States sue SEC over brokerage rules
Seven states and the District of Columbia have sued the Securities and Exchange Commission, saying the regulatory agency is putting investors in jeopardy by relaxing rules designed to ensure that securities brokers keep the interests of their customers ahead of their own.
The lawsuit filed Monday in federal court in New York City asked a judge to order the agency to scrap a new rule that weakens protections for consumers because it violates the intent of Congress and was approved in an arbitrary and unlawful manner.
The SEC could not be reached for comment.
The states said they are harmed because bad investment advice leaves consumers with less money to spend and that therefore they collect less in taxes.
New York Attorney General Letitia James said the SEC was failing to protect investors, favoring “Wall Street over Main Street.”
James said the SEC was failing to adopt the investor-protections passed by Congress in 2010 when it used the Dodd-Frank financial overhaul law to tighten regulatory loopholes revealed by the 2008 financial crisis. “The SEC is now promulgating a rule that fails to address the confusion felt by consumers and fails to remedy the conflicting advice that motivated Congress to act in the first place,” she said in a statement.
Other state plaintiffs include California, Connecticut, Delaware, Maine, New Mexico and Oregon.
— Associated Press
Uber cuts staff as struggles continue
Uber Technologies is dismissing 435 employees, the second major staff cut this summer, as the company faces mounting losses and a declining stock price.
The eliminated jobs are in the product and engineering divisions, representing about 8 percent of those groups. Uber said it was firing about 400 marketing employees, about a third of that department, in July.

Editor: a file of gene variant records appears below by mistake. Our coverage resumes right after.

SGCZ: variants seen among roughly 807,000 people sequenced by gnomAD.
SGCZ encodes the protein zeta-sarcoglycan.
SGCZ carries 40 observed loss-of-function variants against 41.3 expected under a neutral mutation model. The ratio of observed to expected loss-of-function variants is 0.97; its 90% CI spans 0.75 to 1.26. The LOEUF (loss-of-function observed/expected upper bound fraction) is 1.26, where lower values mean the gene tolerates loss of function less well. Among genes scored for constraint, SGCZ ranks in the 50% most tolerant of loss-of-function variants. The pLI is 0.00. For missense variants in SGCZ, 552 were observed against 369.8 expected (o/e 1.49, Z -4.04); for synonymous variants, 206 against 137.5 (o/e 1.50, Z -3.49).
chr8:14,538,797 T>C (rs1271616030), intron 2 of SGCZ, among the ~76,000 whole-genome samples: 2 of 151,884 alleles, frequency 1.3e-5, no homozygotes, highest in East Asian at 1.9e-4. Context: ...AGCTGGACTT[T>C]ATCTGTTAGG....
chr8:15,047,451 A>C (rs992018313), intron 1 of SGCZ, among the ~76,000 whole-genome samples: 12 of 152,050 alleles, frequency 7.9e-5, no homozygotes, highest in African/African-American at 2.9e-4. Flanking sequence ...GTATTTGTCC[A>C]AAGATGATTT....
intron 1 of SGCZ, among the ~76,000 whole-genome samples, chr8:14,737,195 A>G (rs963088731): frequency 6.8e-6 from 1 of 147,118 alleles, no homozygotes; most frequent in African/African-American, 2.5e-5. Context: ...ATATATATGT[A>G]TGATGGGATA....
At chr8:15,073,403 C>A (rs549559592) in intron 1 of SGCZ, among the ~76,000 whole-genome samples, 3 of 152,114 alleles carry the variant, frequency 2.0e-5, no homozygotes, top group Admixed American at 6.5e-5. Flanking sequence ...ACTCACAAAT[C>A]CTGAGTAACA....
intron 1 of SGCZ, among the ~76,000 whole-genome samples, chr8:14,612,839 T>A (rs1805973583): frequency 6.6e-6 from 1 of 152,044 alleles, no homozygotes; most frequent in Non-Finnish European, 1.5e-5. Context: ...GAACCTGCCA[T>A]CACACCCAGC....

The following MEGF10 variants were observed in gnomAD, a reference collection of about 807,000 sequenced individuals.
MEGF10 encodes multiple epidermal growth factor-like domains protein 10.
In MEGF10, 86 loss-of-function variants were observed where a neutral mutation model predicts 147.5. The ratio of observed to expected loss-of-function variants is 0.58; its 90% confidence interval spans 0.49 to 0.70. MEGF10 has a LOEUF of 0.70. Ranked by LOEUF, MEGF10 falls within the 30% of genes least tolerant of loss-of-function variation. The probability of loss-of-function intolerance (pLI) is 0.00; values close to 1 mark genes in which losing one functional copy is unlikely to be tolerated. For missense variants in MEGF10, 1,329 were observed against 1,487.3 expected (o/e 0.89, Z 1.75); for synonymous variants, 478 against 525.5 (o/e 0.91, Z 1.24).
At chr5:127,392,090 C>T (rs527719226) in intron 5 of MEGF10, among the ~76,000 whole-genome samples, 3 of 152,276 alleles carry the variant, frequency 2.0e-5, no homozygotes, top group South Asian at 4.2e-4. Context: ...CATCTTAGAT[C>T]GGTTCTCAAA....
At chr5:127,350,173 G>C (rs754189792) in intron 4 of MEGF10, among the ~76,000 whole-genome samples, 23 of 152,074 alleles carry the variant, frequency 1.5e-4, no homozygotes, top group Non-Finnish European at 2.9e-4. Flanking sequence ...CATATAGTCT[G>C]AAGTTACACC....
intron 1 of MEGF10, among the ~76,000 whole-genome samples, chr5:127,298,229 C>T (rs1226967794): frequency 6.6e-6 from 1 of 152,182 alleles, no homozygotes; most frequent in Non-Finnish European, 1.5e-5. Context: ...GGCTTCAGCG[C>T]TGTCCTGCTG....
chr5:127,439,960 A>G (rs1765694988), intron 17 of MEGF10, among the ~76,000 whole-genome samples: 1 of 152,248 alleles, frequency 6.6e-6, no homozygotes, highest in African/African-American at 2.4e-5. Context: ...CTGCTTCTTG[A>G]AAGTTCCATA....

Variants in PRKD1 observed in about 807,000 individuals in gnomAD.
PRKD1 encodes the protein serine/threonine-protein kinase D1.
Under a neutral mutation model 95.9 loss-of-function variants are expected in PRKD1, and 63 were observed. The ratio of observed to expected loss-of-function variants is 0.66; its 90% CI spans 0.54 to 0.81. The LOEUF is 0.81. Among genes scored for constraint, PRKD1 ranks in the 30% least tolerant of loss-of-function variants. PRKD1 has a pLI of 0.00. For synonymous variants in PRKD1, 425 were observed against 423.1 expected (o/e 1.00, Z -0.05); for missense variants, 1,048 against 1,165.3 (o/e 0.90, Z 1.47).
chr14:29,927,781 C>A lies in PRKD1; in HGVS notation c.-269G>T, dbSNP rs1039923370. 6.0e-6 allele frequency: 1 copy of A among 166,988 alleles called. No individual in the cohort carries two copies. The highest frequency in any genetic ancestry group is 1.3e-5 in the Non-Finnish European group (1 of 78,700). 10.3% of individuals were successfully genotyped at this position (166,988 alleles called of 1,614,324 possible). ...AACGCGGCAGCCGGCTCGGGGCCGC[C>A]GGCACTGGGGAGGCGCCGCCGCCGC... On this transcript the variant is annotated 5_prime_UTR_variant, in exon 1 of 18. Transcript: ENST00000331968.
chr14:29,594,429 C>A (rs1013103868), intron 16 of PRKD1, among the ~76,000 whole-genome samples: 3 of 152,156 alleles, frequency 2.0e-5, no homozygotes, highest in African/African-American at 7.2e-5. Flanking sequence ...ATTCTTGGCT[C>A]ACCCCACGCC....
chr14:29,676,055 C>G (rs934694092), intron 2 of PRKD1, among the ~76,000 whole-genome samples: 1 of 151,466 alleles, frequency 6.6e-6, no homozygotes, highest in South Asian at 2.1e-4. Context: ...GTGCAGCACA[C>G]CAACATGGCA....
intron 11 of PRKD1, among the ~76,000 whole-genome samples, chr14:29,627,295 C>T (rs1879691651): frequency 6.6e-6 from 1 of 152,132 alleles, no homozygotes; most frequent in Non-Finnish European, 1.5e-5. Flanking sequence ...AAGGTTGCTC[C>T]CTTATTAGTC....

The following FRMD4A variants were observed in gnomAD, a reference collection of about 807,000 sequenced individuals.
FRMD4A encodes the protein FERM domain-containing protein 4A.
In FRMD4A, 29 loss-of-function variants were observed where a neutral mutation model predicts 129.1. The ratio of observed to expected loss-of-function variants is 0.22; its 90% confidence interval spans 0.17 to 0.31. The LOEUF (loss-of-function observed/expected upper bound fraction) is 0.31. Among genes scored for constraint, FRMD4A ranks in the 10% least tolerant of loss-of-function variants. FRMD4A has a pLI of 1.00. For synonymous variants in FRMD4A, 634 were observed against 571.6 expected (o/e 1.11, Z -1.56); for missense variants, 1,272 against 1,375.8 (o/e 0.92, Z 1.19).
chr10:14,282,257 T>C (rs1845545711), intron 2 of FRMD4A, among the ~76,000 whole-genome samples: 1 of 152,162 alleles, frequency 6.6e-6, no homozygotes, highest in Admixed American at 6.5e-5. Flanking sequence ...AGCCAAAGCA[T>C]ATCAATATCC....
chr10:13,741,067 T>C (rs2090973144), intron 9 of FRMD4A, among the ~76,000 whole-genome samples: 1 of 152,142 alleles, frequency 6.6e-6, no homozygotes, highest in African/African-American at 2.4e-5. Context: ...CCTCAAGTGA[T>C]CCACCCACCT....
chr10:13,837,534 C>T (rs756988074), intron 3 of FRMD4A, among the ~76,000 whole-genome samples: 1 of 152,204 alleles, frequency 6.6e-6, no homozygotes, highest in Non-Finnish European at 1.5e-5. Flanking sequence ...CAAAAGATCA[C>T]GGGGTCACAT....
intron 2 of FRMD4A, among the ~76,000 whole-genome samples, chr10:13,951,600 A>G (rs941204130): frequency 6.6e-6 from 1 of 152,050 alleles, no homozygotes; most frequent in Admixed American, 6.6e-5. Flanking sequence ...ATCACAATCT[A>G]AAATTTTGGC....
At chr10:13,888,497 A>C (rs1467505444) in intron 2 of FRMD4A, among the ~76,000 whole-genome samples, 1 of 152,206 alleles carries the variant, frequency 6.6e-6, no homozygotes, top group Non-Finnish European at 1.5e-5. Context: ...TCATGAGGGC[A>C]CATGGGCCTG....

Four months after Uber went public, the stock is trading about 25 percent below the initial public offering price. Last month, the ride-hailing company reported its largest-ever quarterly loss of $5.24 billion. This week, California lawmakers are expected to vote on a labor bill that could dramatically alter the gig economy and foist new costs onto Uber.
Uber instituted a hiring freeze of technical employees in the United States and Canada last month. A spokesman now says the freeze is over following the staff cuts. The news was first reported Tuesday by TechCrunch.
“We are not doing this for Wall Street,” Dara Khosrowshahi, Uber’s chief executive, wrote Tuesday in an email to staff. “We are doing this for Uber. It’s critical we get our edge back and continually push ourselves to do better.”
— Bloomberg News
A U.S. appeals court on Tuesday barred PennEast Pipeline from using a federal law to seize properties controlled by the state of New Jersey to build a proposed $1 billion natural gas pipeline. The U.S. Court of Appeals for the 3rd Circuit said in its decision that the U.S. Natural Gas Act does not allow companies to condemn state-controlled land in federal court because states enjoy sovereign immunity from such actions under the U.S. Constitution.
JPMorgan Chase lowered its outlook for 2019 net interest income by about $500 million on Tuesday, following similar moves by rival big banks Wells Fargo and Citigroup. That is a lower forecast for full-year net interest income than the bank gave in mid-July, and it shows that banks with large pools of customer deposits are struggling to make as much money amid lower interest rates.
China will allow the import of soymeal livestock feed from Argentina for the first time under a deal announced by Buenos Aires on Tuesday, an agreement that will link the world's top exporter of the feed with the top global consumer. The U.S.-China trade war has strengthened Argentina's hand, prompting China to expand its soymeal import options.
8:30 a.m.: Labor Department releases the Producer Price Index for August.
10 a.m.: Commerce Department releases wholesale trade inventories for July.
— From news services